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Year : 2018  |  Volume : 1  |  Issue : 3  |  Page : 61-67

Measuring the awareness of emergency department physicians toward the management of medicolegal cases in Jeddah, Kingdom of Saudi Arabia

1 Consultant of Forensic Medicine, Department of Forensic Medicine, Jeddah Forensic Medicine Center, Ministry of Health, Jeddah, Saudi Arabia
2 Associate Professor of Forensic Medicine, Department of Pathology, Faculty of Medicine, King Abdul Aziz University, Jeddah, Saudi Arabia; Assistant Professor of Forensic Medicine, Department of Forensic Medicine and Clinical Toxicology, Faculty of Medicine, Cairo University, Egypt
3 Medical Researcher, Faculty of Medicine, King Abdulaziz University, Jeddah, Saudi Arabia

Correspondence Address:
Dr. Mamdouh Kamal Zaki
2502-Al-Faisaleyah District, Zip Code 23442, Additional Number 8859, Jeddah
Saudi Arabia
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Source of Support: None, Conflict of Interest: None

DOI: 10.4103/sjfms.sjfms_13_18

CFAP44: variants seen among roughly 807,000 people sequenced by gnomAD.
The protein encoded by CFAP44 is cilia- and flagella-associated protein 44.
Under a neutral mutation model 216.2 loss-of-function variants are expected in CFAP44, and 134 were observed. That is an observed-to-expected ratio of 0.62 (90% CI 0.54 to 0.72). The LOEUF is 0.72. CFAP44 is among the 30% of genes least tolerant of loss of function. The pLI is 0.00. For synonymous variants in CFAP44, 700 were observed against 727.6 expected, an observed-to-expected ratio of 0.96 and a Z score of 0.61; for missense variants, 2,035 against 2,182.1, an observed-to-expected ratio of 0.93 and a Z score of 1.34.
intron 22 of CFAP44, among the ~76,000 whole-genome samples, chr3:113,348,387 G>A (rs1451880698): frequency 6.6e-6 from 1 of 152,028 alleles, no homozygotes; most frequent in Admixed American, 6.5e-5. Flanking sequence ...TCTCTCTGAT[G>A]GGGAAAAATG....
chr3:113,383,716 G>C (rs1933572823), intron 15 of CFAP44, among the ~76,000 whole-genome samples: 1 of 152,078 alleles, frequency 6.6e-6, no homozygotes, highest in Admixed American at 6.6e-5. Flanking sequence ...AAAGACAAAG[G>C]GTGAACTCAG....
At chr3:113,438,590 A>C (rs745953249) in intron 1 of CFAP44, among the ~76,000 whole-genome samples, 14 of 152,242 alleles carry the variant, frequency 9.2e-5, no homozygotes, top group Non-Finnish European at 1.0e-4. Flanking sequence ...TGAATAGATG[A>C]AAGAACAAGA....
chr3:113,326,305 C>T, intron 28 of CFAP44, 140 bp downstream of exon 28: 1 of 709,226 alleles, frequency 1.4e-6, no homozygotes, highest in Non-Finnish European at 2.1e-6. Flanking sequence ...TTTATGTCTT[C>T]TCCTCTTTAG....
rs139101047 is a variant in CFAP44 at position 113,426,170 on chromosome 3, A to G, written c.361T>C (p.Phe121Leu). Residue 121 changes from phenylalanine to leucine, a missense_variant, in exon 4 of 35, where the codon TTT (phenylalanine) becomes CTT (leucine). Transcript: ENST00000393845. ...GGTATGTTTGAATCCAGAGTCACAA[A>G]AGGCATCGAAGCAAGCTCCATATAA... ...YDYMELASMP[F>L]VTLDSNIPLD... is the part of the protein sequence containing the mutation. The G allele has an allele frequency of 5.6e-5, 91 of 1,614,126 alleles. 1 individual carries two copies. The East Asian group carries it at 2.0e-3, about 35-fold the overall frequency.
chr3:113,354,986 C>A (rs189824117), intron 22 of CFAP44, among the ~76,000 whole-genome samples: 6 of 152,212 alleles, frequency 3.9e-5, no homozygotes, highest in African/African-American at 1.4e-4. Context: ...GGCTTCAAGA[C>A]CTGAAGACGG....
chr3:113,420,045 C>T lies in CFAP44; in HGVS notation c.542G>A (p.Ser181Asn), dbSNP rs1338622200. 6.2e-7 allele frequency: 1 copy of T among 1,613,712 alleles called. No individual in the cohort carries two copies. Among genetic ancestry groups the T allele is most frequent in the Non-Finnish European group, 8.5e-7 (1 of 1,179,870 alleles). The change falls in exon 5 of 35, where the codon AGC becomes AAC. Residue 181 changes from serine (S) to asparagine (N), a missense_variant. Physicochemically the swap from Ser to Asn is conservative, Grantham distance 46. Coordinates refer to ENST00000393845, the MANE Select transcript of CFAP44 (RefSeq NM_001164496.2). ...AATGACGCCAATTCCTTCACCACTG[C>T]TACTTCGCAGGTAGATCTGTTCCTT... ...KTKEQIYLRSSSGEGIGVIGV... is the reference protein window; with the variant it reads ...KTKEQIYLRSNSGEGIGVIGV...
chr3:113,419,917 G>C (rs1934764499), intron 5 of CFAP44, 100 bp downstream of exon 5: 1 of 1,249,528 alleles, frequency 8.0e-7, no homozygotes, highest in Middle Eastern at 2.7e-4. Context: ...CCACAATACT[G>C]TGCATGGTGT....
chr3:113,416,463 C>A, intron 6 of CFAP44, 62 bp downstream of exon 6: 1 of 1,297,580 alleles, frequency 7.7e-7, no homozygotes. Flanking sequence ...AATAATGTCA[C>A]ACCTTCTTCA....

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Background: Worldwide, there is a great discrepancy between the hospital and forensic reporting. The medical team priority is saving the lives of victims especially in case of fatal or dangerous wounding. Hence, minimal documentation will be expected under these conditions. Objective: The aim of this study was to measure the awareness of emergency department (ED) physicians toward the legal and ethical aspects of the management of medicolegal cases, assessment of physical and sexual abuse, photo-documentation, and management of forensic evidence in emergency circumstances. This is the first study to investigate this critical topic in Jeddah City, Kingdom of Saudi Arabia. Methodology: The authors accomplished a cross-sectional study in EDs in major Jeddah hospitals during April–May 2017. The authors used a self-administrated questionnaire and used the Survey-Monkey engine and SPSS Statistics for data gathering and statistical analysis, respectively. Results: A total of 137 ED physicians from the main four general hospitals in Jeddah participated in the study. Most of the physicians were males. Most of the participants did not receive any training program in writing medicolegal reports in ED. About two-thirds of the respondents were certain that their workplace provided a specified protocol about collecting evidence from a medicolegal case until referral to forensic medical centers. On the other hand, 86.1% did not have any training program in evidence collection in EDs. Most of the participants believed that they needed more training programs concerning management of medicolegal cases at ED. Conclusion: Although the level of awareness is significantly high, more than half of the physicians considered that the current approach of medicolegal cases was inappropriate. Medical students and residents need more training programs in medicolegal reporting and chain of custody as well as for specialists and consultants.

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